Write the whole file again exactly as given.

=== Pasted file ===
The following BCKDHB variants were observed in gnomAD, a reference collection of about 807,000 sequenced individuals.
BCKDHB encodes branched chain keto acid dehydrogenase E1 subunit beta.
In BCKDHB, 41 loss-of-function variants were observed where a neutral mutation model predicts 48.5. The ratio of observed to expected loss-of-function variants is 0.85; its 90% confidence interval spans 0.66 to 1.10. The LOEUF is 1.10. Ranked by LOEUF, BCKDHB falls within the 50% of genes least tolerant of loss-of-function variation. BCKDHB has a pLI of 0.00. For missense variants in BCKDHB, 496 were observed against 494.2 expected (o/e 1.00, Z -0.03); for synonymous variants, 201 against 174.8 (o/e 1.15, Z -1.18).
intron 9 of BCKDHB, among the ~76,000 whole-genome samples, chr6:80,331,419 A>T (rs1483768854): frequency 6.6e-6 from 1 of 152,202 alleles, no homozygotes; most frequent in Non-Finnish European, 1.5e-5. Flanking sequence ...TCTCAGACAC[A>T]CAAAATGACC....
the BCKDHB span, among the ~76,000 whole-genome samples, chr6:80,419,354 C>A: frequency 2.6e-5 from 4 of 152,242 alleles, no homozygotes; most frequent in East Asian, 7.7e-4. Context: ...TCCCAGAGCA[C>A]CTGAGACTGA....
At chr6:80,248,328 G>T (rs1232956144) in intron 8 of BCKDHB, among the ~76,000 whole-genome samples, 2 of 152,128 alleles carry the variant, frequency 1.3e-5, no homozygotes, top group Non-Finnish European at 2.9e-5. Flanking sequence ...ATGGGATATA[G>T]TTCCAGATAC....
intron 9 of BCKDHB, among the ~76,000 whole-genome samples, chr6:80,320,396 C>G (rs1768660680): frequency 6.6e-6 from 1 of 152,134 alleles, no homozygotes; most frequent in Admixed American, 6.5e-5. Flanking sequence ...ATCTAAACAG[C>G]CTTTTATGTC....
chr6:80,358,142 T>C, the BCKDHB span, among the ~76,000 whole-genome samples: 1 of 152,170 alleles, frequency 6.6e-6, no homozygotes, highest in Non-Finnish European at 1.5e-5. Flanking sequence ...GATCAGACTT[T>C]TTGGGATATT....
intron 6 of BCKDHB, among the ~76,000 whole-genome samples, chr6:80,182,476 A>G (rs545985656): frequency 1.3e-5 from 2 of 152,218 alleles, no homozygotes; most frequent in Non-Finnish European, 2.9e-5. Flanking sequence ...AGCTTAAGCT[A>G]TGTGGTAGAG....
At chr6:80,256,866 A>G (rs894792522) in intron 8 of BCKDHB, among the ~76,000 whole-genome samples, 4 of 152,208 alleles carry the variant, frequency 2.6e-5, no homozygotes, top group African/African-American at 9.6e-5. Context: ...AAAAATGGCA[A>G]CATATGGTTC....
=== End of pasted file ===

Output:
The following BCKDHB variants were observed in gnomAD, a reference collection of about 807,000 sequenced individuals.
BCKDHB encodes branched chain keto acid dehydrogenase E1 subunit beta.
In BCKDHB, 41 loss-of-function variants were observed where a neutral mutation model predicts 48.5. The ratio of observed to expected loss-of-function variants is 0.85; its 90% confidence interval spans 0.66 to 1.10. The LOEUF is 1.10. Ranked by LOEUF, BCKDHB falls within the 50% of genes least tolerant of loss-of-function variation. BCKDHB has a pLI of 0.00. For missense variants in BCKDHB, 496 were observed against 494.2 expected (o/e 1.00, Z -0.03); for synonymous variants, 201 against 174.8 (o/e 1.15, Z -1.18).
intron 9 of BCKDHB, among the ~76,000 whole-genome samples, chr6:80,331,419 A>T (rs1483768854): frequency 6.6e-6 from 1 of 152,202 alleles, no homozygotes; most frequent in Non-Finnish European, 1.5e-5. Flanking sequence ...TCTCAGACAC[A>T]CAAAATGACC....
the BCKDHB span, among the ~76,000 whole-genome samples, chr6:80,419,354 C>A: frequency 2.6e-5 from 4 of 152,242 alleles, no homozygotes; most frequent in East Asian, 7.7e-4. Context: ...TCCCAGAGCA[C>A]CTGAGACTGA....
At chr6:80,248,328 G>T (rs1232956144) in intron 8 of BCKDHB, among the ~76,000 whole-genome samples, 2 of 152,128 alleles carry the variant, frequency 1.3e-5, no homozygotes, top group Non-Finnish European at 2.9e-5. Flanking sequence ...ATGGGATATA[G>T]TTCCAGATAC....
intron 9 of BCKDHB, among the ~76,000 whole-genome samples, chr6:80,320,396 C>G (rs1768660680): frequency 6.6e-6 from 1 of 152,134 alleles, no homozygotes; most frequent in Admixed American, 6.5e-5. Flanking sequence ...ATCTAAACAG[C>G]CTTTTATGTC....
chr6:80,358,142 T>C, the BCKDHB span, among the ~76,000 whole-genome samples: 1 of 152,170 alleles, frequency 6.6e-6, no homozygotes, highest in Non-Finnish European at 1.5e-5. Flanking sequence ...GATCAGACTT[T>C]TTGGGATATT....
intron 6 of BCKDHB, among the ~76,000 whole-genome samples, chr6:80,182,476 A>G (rs545985656): frequency 1.3e-5 from 2 of 152,218 alleles, no homozygotes; most frequent in Non-Finnish European, 2.9e-5. Flanking sequence ...AGCTTAAGCT[A>G]TGTGGTAGAG....
At chr6:80,256,866 A>G (rs894792522) in intron 8 of BCKDHB, among the ~76,000 whole-genome samples, 4 of 152,208 alleles carry the variant, frequency 2.6e-5, no homozygotes, top group African/African-American at 9.6e-5. Context: ...AAAAATGGCA[A>G]CATATGGTTC....